GM: Who knew?! You’re one of us!
EI: Yes, I have this strong link to Canada. Normally British people get known in Canada quite well and they struggle to get known in America. And I’m playing Madison Square Gardens and the Hollywood Bowl in America and I’m still having to hack my way up the mountain in Canada. So it’s slightly back to front. But it’s good. I’m touring and I’m playing four nights at Massey Hall in Toronto. It’s getting there. I’d like to play everywhere so people go, ‘Yeah, that English guy. Yeah, we know him.’
GM: I find that surprising, because we’ve always embraced British culture. I think we watched Monty Python before the Americans fully embraced it. But you’re playing big theatres here, let’s not kid ourselves.
EI: I know what the difference is. It’s that Monty Python was on television so people could get it, they could watch it, and it would come around the next week and they’d pick it up. And in America my real breakthrough was when HBO endlessly played Dressed to Kill to death. And it got two Emmys and that kind of stuff. That sort of kicked me through it, that one thing. And I’ve never really pushed it on television again. I didn’t want to because I wanted to do drama roles, like I’m now doing Hannibal Lecter, also filming in Canada, here in Toronto. The position I’ve got where I can do a dramatic role and then go and do a surreal comedy tour, one right next to the other, is because I haven’t pushed the comedy on television. I never had the big TV series. So in Canada, that’s my problem. It’s like an advantage and a disadvantage at the same time.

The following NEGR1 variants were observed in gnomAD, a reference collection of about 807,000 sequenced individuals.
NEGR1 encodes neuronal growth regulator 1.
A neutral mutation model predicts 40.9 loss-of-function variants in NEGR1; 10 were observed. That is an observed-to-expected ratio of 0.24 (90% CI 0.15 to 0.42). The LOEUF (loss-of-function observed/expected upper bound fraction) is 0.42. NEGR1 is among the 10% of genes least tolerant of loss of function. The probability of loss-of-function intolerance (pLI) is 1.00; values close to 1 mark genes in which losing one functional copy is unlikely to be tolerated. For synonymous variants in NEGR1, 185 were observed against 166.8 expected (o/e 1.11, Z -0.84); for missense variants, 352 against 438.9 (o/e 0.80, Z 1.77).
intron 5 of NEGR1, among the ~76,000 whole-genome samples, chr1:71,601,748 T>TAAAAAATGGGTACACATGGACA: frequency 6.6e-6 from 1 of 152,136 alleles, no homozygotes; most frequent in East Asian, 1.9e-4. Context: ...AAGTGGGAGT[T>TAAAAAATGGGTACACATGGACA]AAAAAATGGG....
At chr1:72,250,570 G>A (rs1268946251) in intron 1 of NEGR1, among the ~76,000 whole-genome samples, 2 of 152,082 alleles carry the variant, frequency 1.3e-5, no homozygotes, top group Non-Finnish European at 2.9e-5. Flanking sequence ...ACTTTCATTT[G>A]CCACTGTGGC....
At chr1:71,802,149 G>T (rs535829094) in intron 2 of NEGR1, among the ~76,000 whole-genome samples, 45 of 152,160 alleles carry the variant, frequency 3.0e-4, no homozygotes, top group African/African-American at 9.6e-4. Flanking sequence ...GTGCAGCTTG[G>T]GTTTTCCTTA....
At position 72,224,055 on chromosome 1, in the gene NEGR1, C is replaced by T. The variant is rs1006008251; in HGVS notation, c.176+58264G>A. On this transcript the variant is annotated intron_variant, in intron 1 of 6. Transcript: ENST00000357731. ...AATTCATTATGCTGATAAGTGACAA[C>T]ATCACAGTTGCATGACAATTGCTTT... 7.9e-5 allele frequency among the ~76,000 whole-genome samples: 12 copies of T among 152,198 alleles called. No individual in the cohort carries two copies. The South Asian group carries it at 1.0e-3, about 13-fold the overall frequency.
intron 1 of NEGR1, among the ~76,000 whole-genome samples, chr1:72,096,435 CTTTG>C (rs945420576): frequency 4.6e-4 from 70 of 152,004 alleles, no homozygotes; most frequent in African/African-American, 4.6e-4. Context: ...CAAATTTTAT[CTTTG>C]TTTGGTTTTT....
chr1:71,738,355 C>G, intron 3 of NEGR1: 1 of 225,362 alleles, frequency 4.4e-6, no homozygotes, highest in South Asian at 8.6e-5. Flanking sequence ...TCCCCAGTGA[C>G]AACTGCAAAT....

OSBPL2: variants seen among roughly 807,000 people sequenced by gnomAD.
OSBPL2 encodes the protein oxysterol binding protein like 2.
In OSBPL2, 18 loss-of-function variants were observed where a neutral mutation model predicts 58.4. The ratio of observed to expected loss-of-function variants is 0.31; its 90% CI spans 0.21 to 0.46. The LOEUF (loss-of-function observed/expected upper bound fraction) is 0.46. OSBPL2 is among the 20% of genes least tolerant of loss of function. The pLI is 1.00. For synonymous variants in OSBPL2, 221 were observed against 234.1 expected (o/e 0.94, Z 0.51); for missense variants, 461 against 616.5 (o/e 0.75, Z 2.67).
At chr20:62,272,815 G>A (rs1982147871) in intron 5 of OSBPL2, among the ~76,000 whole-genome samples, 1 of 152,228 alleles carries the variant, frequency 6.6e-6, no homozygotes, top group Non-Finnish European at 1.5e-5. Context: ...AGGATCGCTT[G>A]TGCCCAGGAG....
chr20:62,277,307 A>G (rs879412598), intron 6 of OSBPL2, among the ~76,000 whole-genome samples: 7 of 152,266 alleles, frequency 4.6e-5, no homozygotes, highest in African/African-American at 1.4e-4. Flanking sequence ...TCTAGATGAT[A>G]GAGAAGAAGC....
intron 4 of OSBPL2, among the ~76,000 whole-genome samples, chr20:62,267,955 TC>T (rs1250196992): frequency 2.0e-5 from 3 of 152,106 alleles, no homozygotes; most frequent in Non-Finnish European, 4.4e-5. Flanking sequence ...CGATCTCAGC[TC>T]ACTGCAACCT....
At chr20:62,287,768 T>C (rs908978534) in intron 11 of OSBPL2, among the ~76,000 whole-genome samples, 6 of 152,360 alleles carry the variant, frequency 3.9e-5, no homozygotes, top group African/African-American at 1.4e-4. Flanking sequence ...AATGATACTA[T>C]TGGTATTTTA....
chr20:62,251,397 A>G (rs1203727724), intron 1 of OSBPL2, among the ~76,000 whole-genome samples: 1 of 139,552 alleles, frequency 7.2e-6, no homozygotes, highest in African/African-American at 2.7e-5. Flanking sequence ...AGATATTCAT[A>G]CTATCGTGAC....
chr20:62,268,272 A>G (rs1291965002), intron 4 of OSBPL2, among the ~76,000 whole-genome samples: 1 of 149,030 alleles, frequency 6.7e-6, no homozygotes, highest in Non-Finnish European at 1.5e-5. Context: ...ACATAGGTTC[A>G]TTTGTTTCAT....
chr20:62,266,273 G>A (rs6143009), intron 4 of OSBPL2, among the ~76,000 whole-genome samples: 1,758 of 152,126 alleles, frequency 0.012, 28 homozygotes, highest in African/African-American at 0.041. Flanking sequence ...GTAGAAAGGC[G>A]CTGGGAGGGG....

GM: You’re playing Hannibal Lecter?
EI: No, I’m in the TV series playing Dr. Gideon. Dr. Abel Gideon, who is the pretender to the throne of Hannibal Lecter.
GM: I see. And it’s a TV series for who?
EI: It’s NBC. It’s playing on a Canadian channel at the moment. It’s Mads Mikkelsen, Hugh Dancy and Laurence Fishburne and a bunch of really good people.
GM: And it’s already on, you say?
EI: Yeah, it’s in its second season. We’re filming the second season now. I just filmed another two episodes of season two.
GM: Wow, I should watch more TV.
EI: Yes. It’s dark and twisted. It’s just called Hannibal.
GM: You mentioned Madison Square Gardens and the Hollywood Bowl. Those are huge. I’ve seen a couple shows in arenas: I saw Dane Cook and Russell Peters. You’re on that level now where you can play those kinds of venues. Does it just become a big pissing contest among comedians as to who can play the biggest venue?